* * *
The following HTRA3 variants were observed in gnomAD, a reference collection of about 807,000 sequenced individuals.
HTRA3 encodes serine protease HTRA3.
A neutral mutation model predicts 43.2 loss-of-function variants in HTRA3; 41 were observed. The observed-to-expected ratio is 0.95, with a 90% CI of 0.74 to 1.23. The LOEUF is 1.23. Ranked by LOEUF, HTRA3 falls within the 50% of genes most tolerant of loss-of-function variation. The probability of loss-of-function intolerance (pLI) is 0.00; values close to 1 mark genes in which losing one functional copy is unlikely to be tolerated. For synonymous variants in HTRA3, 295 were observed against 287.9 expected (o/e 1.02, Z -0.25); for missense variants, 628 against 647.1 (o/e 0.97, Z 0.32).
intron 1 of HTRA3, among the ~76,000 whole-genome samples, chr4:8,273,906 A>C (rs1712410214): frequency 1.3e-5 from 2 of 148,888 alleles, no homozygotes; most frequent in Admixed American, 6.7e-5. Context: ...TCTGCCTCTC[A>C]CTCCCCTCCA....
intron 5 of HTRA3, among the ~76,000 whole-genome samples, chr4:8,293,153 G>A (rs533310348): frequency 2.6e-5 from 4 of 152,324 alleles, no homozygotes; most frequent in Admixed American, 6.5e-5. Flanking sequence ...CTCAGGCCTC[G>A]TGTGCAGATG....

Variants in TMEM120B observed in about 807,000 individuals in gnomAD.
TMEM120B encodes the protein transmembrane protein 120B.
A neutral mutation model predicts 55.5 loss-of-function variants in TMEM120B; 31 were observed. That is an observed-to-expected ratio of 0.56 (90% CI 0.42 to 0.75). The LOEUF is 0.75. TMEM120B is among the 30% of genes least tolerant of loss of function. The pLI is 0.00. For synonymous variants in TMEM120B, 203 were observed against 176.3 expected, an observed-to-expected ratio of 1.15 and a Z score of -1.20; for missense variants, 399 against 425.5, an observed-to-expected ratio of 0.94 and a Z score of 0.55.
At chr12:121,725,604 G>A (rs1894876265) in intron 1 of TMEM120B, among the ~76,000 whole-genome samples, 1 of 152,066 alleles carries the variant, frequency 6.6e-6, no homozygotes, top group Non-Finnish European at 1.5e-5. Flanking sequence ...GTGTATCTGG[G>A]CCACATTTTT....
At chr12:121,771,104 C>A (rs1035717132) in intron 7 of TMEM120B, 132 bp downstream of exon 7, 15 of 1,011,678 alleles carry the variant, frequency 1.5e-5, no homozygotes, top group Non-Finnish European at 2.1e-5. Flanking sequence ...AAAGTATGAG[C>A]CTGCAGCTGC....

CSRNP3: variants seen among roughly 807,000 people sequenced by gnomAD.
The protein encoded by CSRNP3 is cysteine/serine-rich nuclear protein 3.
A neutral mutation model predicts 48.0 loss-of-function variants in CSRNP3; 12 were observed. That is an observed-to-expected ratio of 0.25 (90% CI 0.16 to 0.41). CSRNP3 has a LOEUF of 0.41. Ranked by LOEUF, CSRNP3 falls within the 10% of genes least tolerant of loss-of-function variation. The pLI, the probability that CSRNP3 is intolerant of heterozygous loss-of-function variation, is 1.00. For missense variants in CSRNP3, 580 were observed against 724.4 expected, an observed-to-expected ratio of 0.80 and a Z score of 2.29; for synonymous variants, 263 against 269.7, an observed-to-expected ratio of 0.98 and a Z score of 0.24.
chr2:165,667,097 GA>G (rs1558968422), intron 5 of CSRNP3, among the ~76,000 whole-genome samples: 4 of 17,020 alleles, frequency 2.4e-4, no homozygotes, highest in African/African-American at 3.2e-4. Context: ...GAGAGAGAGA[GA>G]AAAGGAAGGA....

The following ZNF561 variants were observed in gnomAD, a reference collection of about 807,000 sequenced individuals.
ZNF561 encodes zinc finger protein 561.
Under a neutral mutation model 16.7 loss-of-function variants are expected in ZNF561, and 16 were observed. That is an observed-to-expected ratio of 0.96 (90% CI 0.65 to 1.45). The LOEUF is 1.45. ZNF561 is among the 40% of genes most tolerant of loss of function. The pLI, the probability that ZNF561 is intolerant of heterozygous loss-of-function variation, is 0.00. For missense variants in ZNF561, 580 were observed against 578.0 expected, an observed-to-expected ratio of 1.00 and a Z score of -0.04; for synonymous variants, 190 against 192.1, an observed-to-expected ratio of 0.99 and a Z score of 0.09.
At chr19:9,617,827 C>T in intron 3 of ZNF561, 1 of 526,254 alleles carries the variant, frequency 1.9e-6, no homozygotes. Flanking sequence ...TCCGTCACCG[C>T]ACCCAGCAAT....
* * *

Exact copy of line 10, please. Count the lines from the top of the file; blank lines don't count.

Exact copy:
At chr12:121,771,104 C>A (rs1035717132) in intron 7 of TMEM120B, 132 bp downstream of exon 7, 15 of 1,011,678 alleles carry the variant, frequency 1.5e-5, no homozygotes, top group Non-Finnish European at 2.1e-5. Flanking sequence ...AAAGTATGAG[C>A]CTGCAGCTGC....